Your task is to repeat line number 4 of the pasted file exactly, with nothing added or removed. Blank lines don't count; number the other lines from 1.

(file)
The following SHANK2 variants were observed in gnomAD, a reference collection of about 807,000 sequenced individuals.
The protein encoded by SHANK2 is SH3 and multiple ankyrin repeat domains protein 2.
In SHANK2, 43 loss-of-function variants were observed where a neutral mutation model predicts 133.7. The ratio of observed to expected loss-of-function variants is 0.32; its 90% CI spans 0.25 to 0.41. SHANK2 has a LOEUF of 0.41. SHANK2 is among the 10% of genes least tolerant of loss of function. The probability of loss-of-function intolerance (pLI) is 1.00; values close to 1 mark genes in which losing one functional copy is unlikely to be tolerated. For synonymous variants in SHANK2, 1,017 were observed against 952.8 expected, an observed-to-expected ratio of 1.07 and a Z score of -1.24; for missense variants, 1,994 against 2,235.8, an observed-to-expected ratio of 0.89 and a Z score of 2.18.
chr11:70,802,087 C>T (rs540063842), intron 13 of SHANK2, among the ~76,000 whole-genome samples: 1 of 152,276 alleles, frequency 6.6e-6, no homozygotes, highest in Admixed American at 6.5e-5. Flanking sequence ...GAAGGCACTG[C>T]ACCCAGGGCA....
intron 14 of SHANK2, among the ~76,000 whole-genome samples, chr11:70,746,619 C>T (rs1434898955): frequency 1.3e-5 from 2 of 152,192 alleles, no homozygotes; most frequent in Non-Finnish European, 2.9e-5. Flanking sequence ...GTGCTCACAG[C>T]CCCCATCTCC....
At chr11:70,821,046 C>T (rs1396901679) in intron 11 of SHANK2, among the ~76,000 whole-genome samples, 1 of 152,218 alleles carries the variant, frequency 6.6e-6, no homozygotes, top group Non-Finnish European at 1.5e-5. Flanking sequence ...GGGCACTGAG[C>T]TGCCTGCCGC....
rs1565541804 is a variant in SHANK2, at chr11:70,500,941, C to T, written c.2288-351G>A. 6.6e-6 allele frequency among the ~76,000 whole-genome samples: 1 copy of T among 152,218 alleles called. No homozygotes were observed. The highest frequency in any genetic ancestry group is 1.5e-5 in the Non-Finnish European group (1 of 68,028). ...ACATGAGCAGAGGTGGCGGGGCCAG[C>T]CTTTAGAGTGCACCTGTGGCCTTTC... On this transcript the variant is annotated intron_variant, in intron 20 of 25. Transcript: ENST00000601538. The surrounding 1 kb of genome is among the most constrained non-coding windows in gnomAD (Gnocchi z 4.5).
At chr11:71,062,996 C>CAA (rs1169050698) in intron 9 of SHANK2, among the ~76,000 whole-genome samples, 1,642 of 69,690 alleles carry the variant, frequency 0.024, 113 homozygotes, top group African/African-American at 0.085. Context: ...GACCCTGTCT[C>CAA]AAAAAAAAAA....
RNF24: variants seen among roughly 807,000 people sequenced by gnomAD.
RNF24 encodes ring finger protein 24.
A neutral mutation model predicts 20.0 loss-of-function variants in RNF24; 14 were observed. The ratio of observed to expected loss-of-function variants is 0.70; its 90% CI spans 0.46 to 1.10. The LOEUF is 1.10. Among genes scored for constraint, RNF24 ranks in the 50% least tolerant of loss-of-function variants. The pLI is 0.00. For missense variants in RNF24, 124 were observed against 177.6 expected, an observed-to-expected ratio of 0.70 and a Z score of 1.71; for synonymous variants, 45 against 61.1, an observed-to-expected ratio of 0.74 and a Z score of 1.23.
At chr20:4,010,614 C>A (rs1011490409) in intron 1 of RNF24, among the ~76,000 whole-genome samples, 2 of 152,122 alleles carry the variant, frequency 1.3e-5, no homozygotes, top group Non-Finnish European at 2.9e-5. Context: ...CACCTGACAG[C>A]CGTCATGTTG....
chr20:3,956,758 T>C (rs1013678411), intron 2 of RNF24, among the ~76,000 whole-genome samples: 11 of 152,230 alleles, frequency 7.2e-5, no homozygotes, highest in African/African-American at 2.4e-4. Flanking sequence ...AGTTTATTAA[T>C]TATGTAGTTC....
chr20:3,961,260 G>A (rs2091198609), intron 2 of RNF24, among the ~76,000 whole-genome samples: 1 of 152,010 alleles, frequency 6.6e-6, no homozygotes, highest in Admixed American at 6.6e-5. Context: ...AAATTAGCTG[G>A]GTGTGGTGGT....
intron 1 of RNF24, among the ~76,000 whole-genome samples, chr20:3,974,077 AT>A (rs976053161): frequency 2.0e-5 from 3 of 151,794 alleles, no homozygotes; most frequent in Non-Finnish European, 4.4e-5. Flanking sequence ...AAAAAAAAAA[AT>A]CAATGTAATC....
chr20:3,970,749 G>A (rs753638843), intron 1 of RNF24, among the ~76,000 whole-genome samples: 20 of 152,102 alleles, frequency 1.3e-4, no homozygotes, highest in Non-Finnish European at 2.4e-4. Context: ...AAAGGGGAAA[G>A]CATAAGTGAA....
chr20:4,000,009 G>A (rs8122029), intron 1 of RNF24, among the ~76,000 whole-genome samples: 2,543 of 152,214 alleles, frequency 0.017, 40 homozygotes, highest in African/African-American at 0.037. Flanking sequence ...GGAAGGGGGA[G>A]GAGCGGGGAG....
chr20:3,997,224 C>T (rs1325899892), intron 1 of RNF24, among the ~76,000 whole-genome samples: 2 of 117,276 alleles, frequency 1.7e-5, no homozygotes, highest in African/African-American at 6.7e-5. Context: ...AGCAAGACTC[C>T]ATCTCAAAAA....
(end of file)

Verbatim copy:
chr11:70,802,087 C>T (rs540063842), intron 13 of SHANK2, among the ~76,000 whole-genome samples: 1 of 152,276 alleles, frequency 6.6e-6, no homozygotes, highest in Admixed American at 6.5e-5. Flanking sequence ...GAAGGCACTG[C>T]ACCCAGGGCA....